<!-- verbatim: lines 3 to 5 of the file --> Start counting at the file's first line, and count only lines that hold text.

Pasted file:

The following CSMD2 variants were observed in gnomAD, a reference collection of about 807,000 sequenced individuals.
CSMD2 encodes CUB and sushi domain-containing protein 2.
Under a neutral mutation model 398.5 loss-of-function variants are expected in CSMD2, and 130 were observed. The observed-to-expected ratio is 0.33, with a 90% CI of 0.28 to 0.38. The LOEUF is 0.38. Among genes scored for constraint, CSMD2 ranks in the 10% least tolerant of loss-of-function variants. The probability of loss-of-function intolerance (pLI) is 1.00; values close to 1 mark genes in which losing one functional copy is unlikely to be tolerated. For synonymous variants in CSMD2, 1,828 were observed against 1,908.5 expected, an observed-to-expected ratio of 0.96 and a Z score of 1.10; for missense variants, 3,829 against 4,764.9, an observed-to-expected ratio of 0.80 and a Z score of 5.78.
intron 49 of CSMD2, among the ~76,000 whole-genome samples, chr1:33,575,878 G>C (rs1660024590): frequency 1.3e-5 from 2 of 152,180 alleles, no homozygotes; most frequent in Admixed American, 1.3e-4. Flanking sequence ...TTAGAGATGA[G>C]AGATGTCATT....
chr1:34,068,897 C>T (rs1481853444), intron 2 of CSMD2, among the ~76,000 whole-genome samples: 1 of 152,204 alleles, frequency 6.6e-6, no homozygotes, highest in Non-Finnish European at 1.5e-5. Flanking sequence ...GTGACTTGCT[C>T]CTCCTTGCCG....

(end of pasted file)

Under a neutral mutation model 398.5 loss-of-function variants are expected in CSMD2, and 130 were observed. The observed-to-expected ratio is 0.33, with a 90% CI of 0.28 to 0.38. The LOEUF is 0.38. Among genes scored for constraint, CSMD2 ranks in the 10% least tolerant of loss-of-function variants. The probability of loss-of-function intolerance (pLI) is 1.00; values close to 1 mark genes in which losing one functional copy is unlikely to be tolerated. For synonymous variants in CSMD2, 1,828 were observed against 1,908.5 expected, an observed-to-expected ratio of 0.96 and a Z score of 1.10; for missense variants, 3,829 against 4,764.9, an observed-to-expected ratio of 0.80 and a Z score of 5.78.
intron 49 of CSMD2, among the ~76,000 whole-genome samples, chr1:33,575,878 G>C (rs1660024590): frequency 1.3e-5 from 2 of 152,180 alleles, no homozygotes; most frequent in Admixed American, 1.3e-4. Flanking sequence ...TTAGAGATGA[G>C]AGATGTCATT....
chr1:34,068,897 C>T (rs1481853444), intron 2 of CSMD2, among the ~76,000 whole-genome samples: 1 of 152,204 alleles, frequency 6.6e-6, no homozygotes, highest in Non-Finnish European at 1.5e-5. Flanking sequence ...GTGACTTGCT[C>T]CTCCTTGCCG....